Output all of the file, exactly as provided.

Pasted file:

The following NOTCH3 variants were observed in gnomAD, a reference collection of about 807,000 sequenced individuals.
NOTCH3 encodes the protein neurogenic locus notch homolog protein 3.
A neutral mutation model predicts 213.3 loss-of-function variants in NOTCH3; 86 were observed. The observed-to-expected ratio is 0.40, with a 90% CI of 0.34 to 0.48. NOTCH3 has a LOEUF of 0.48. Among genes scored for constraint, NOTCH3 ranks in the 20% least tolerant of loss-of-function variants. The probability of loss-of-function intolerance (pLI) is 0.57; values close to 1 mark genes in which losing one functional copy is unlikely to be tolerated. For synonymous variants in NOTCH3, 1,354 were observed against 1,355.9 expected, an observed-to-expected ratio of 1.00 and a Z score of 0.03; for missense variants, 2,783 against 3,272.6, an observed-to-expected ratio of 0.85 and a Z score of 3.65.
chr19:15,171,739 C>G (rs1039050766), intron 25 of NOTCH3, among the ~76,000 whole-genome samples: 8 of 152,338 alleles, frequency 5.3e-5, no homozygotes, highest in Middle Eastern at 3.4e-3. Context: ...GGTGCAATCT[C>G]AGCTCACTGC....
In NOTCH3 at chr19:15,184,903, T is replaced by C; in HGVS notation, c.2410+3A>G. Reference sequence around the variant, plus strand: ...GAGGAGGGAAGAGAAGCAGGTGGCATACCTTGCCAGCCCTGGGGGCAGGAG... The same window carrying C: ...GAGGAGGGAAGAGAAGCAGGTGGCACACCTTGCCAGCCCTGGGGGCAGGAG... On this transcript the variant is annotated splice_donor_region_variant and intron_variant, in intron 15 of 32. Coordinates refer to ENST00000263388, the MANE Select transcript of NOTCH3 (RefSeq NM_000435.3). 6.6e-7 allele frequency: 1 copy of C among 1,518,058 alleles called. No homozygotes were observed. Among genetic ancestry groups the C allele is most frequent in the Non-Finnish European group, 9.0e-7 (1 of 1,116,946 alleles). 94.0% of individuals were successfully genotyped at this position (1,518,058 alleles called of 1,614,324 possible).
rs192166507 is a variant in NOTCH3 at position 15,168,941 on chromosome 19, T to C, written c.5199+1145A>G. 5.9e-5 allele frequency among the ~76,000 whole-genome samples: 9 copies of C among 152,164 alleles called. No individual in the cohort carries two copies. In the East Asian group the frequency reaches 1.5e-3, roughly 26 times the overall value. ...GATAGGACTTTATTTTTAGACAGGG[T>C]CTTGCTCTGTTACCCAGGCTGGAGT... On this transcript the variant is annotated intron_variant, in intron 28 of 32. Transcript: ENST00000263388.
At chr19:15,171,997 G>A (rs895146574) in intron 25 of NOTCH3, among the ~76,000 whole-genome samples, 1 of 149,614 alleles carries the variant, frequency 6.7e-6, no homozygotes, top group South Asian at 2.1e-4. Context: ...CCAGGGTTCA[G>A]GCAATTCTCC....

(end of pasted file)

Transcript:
The following NOTCH3 variants were observed in gnomAD, a reference collection of about 807,000 sequenced individuals.
NOTCH3 encodes the protein neurogenic locus notch homolog protein 3.
A neutral mutation model predicts 213.3 loss-of-function variants in NOTCH3; 86 were observed. The observed-to-expected ratio is 0.40, with a 90% CI of 0.34 to 0.48. NOTCH3 has a LOEUF of 0.48. Among genes scored for constraint, NOTCH3 ranks in the 20% least tolerant of loss-of-function variants. The probability of loss-of-function intolerance (pLI) is 0.57; values close to 1 mark genes in which losing one functional copy is unlikely to be tolerated. For synonymous variants in NOTCH3, 1,354 were observed against 1,355.9 expected, an observed-to-expected ratio of 1.00 and a Z score of 0.03; for missense variants, 2,783 against 3,272.6, an observed-to-expected ratio of 0.85 and a Z score of 3.65.
chr19:15,171,739 C>G (rs1039050766), intron 25 of NOTCH3, among the ~76,000 whole-genome samples: 8 of 152,338 alleles, frequency 5.3e-5, no homozygotes, highest in Middle Eastern at 3.4e-3. Context: ...GGTGCAATCT[C>G]AGCTCACTGC....
In NOTCH3 at chr19:15,184,903, T is replaced by C; in HGVS notation, c.2410+3A>G. Reference sequence around the variant, plus strand: ...GAGGAGGGAAGAGAAGCAGGTGGCATACCTTGCCAGCCCTGGGGGCAGGAG... The same window carrying C: ...GAGGAGGGAAGAGAAGCAGGTGGCACACCTTGCCAGCCCTGGGGGCAGGAG... On this transcript the variant is annotated splice_donor_region_variant and intron_variant, in intron 15 of 32. Coordinates refer to ENST00000263388, the MANE Select transcript of NOTCH3 (RefSeq NM_000435.3). 6.6e-7 allele frequency: 1 copy of C among 1,518,058 alleles called. No homozygotes were observed. Among genetic ancestry groups the C allele is most frequent in the Non-Finnish European group, 9.0e-7 (1 of 1,116,946 alleles). 94.0% of individuals were successfully genotyped at this position (1,518,058 alleles called of 1,614,324 possible).
rs192166507 is a variant in NOTCH3 at position 15,168,941 on chromosome 19, T to C, written c.5199+1145A>G. 5.9e-5 allele frequency among the ~76,000 whole-genome samples: 9 copies of C among 152,164 alleles called. No individual in the cohort carries two copies. In the East Asian group the frequency reaches 1.5e-3, roughly 26 times the overall value. ...GATAGGACTTTATTTTTAGACAGGG[T>C]CTTGCTCTGTTACCCAGGCTGGAGT... On this transcript the variant is annotated intron_variant, in intron 28 of 32. Transcript: ENST00000263388.
At chr19:15,171,997 G>A (rs895146574) in intron 25 of NOTCH3, among the ~76,000 whole-genome samples, 1 of 149,614 alleles carries the variant, frequency 6.7e-6, no homozygotes, top group South Asian at 2.1e-4. Context: ...CCAGGGTTCA[G>A]GCAATTCTCC....